McCaul highlighted the success of these counterterrorism efforts, stating that ISIS had been seriously degraded in Syria and Iraq. He reminded the House of the brutal nature of ISIS and the international threat it posed, drawing attention to the terrorist attacks it inspired globally. McCaul praised the U.S. military and its coalition partners for their role in dismantling the ISIS caliphate.
Despite the loss of ISIS-controlled territory, McCaul cautioned against prematurely withdrawing U.S. troops from Syria, citing a recent increase in ISIS attacks in the region. He emphasized the effectiveness of the U.S. military in working with local partners to combat terrorism.
McCaul acknowledged the tragic injuries and losses suffered by U.S. servicemembers and their families, calling for a careful reassessment of troop deployments and risks. He pointed to the consequences of the U.S. withdrawal from Iraq in 2011, which led to the resurgence of terrorist threats.
General Mark Milley’s recent visit to Syria reinforced the importance of the U.S. mission there, with Milley warning against ignoring the situation, as it could pave the way for a resurgence of terrorism.
Chairman McCaul argued that the resolution to withdraw U.S. forces from Syria would be premature and could create conditions for the return of ISIS or another terrorist threat. He called for an updated, bipartisan Authorization for Use of Military Force (AUMF) to address current security concerns while maintaining congressional oversight.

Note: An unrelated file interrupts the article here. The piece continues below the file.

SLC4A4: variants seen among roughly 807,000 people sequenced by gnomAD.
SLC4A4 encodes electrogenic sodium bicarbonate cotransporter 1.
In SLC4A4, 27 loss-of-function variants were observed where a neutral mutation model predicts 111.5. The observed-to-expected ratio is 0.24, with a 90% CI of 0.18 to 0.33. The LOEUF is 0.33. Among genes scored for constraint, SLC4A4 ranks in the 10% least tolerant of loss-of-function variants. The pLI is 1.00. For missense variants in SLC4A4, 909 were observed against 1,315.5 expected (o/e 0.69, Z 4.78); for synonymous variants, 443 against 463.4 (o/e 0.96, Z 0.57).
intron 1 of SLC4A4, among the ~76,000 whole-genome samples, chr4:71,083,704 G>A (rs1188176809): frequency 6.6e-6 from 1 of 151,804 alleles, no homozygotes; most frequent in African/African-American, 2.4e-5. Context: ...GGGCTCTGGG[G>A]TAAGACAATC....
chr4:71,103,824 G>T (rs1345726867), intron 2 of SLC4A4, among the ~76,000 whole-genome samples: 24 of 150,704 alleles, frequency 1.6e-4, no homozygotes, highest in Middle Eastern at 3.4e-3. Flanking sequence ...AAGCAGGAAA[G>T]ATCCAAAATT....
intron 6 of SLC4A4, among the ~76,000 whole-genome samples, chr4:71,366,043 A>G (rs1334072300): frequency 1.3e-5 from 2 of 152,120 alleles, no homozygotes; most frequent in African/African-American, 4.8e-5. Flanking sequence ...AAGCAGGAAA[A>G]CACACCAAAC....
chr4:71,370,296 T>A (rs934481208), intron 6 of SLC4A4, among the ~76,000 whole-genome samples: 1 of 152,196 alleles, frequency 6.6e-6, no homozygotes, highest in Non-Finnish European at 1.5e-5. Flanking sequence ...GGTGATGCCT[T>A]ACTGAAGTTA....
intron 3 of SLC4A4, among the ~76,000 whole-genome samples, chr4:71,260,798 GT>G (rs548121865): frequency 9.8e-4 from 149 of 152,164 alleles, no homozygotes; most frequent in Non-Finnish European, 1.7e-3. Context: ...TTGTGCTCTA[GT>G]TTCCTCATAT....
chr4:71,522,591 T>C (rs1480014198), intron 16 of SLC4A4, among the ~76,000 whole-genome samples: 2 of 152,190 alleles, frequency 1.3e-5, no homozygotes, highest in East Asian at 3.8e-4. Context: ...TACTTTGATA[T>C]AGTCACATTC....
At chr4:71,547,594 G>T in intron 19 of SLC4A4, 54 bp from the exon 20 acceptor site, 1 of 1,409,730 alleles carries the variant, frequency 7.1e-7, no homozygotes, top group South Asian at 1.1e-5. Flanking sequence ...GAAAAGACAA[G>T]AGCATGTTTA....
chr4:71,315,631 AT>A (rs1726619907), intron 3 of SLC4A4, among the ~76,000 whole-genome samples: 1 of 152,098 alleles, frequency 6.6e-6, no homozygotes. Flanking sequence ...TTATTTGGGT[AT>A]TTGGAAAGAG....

In his conclusion, McCaul urged his colleagues to oppose the resolution, emphasizing the need to base any withdrawal of U.S. troops on the complete defeat of ISIS. He criticized the premise of the resolution as inaccurate and potentially harmful to U.S. national security interests.
Giving Syrian students another shot at education in the northwest
Omar al-Dabaan, a survivor of a school massacre in Syria in 2018, had to halt his education due to the conflict and the need to support his family. However, he now has the opportunity to continue his studies through the Masarat Initiative, an online education program that provides the Syrian curriculum to students of all ages.
According to an Al-Jazeera report, since its inception in 2020, the initiative has benefited around 18,000 students, and this academic year, over 12,800 students are enrolled. The program is essential in a region where many schools have been damaged or destroyed, and where children face ongoing threats from violence.